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How to bring your B2B marketing strategy to Millennials in 2014

Millennials are buying, they're doing it online, and they're doing for their bosses. Businesses are increasingly putting the corporate credit card in the hands of the Gen-Y staff — entrusting them with corporate purchases. As a result, online shopping has finally come to the B2B market.

According to digital marketing company, Acquity Group, Millennials were responsible for up to 89 percent of business related purchase decisions in 2013. The study also found that 40 percent of B2B buyers expect to spend even more of their budget online in 2014. For B2B marketers, these numbers mean it's time to say  farewell to direct mailing, cold-calling and trade shows — it's time to get ready to join the B2C retail ranks if B2B marketers want to stay relevant as they ring in the new year, they must adapt.

Here are some ways to make the transition:

Embrace millennial buying behavior

Company purchasing decisions are no longer in the hands of baby boomers. Millennials are accustomed to purchasing online and are following suit when they purchase for their businesses. Acquity Group reports that Millennials are 131 percent more likely than those 35 and older to be making the buying decisions for companies—and theyre not going to trade shows — they’re reading the company blog, signing up for email, researching competitors, and even checking out brands on Twitter — before they make a buying decision.

Smart B2B brands have to create new ways to connect with customers in order to meet these new demands. According to a study by the Corporate Executive Board, 77 percent of B2B buyers said they did not talk with a salesperson until after they had performed their own independent research — online. As such, developing a digital relationship with the buyer at the top of the sales funnel, through email, display and cross-channel marketing,is extremely vital.

Act like B2C buyers

For many purchasers — both B2B and B2C — online shopping is easier: it can be done from the comfort of the office or the home with a simple click of a button. Initial product research is much easier online, too. Now,employees in charge of corporate purchases can conduct their own buying research faster and more efficiently from their desk than they would traveling and meeting with sales teams. Acquity Group's researchers found that 13 percent of B2B buyers with budgets of $500 million or more purchased directly online.

Despite these compelling stats, B2B marketing is still stuck in the past: 87 percent of B2B marketers worldwide continue to rely on trade shows for marketing, while 81 percent still use cold calling and 63 percent use direct mail, according to eMarketer.

Extend the sales relationship to email

Email is a powerful medium for B2B marketers. Social media and mobile advertising may be dominating the marketing air waves right now, but email is still the best way to reach buyers. Marketing analytics company KISSmetrics reports that there are almost three times as many email user accounts as Facebook and Twitter combined.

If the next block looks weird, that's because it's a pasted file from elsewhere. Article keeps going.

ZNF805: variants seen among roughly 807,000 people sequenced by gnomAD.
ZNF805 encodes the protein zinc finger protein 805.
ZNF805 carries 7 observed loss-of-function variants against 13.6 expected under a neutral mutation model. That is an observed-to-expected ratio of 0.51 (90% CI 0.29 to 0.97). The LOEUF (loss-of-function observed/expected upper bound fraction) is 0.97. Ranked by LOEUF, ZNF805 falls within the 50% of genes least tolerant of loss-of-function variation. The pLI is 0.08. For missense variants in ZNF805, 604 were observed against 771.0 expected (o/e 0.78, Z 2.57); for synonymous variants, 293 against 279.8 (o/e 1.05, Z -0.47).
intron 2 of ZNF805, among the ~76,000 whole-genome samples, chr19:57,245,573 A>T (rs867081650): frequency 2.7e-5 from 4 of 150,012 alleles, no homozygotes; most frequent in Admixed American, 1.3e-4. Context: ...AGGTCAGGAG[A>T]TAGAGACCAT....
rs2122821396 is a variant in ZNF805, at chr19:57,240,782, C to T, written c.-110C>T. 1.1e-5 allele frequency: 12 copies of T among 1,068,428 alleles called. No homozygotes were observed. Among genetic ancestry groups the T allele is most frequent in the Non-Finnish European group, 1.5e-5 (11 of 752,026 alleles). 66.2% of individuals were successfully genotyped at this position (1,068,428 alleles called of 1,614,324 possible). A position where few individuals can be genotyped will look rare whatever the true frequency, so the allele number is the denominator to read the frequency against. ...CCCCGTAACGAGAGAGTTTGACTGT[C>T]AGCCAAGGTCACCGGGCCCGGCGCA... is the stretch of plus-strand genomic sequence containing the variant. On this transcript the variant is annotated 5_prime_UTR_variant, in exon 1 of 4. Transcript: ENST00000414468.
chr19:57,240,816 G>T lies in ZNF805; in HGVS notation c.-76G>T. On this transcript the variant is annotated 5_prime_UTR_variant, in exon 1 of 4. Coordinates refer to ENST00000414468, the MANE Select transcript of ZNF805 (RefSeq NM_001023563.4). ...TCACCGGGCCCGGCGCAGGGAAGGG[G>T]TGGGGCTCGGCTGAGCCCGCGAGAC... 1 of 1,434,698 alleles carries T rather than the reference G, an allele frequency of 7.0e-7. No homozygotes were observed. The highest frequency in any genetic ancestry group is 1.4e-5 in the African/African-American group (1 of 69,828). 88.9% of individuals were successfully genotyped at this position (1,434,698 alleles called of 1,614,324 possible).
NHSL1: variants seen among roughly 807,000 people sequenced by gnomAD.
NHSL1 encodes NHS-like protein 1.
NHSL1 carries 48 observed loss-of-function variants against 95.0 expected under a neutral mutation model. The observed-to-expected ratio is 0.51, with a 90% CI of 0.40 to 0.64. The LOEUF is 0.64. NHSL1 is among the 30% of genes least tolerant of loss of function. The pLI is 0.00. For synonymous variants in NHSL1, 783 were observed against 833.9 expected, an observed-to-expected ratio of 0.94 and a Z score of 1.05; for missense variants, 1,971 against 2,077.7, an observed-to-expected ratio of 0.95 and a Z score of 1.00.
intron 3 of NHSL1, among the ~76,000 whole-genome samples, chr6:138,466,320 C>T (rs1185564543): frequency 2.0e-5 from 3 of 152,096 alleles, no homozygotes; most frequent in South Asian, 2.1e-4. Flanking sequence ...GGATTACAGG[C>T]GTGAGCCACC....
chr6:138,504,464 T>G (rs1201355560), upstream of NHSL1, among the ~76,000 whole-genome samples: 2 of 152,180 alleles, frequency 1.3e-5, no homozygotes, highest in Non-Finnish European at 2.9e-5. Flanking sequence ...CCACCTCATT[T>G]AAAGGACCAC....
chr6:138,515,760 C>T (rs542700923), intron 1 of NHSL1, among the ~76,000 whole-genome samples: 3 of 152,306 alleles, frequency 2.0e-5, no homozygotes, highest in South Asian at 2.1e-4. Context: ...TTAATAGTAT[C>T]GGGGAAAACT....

Instead of resorting to a batch and blast email marketing scheme, B2B marketers should try the following tactics:

  • Move beyond the newsletter: Rather than allowing a salesperson be the main point of contact for the customer, try to replicate the beginnings of a customer relationship through triggered email programs.
  • Take a customer-centric approach: Use customer data to design (and redesign) email marketing campaigns. Just as a great sales rep would revise and fiddle with a sales pitch marketers should actively manage and update the email program.
  • Personalize everything: Not only is email is the most transactional medium through which marketers can reach buyers, according to D Bnonn Tennant, author of 5 Sales-Spiking Website Tweaks Web Designers & IM Guus Don’t Know, it is also a more personal avenue from a business perspective. Today’s corporate purchasers expect to receive relevant emails that are personalized and meet individual business needs.

Take digital marketing cross-channel

The savviest B2B marketers have discovered that the best return comes from being proactive. While email is important, it can't be the sole tactic for B2B marketers. Eventually, email activity wanes for large segments of any subscriber base due to long sales cycles. To combat this, B2B marketers should develop a cross-channel contact strategy to keep subscribers engaged:

  • Integrate display: By creating a cross-channel marketing campaign that integrates email and display advertising, companies can see increased conversion rates. Industrial supply company, Grainger, for instance, saw a stunning 20-40 percent increase in conversion rates after implementing the practice.
  • Utilize mobile: Even established brands like John Deere are going mobile. The agricultural manufacturing company is known for sending exclusive texts to its best customers ahead of time when new tractors are coming out.
  • Create a digital sales rep: When designing a cross-channel marketing program, think about the best account manager and clone him — digitally. The cross-channel strategy should be just as (or more)relevant, and helpful as the best real-life account manager would be for potential buyers and customers.

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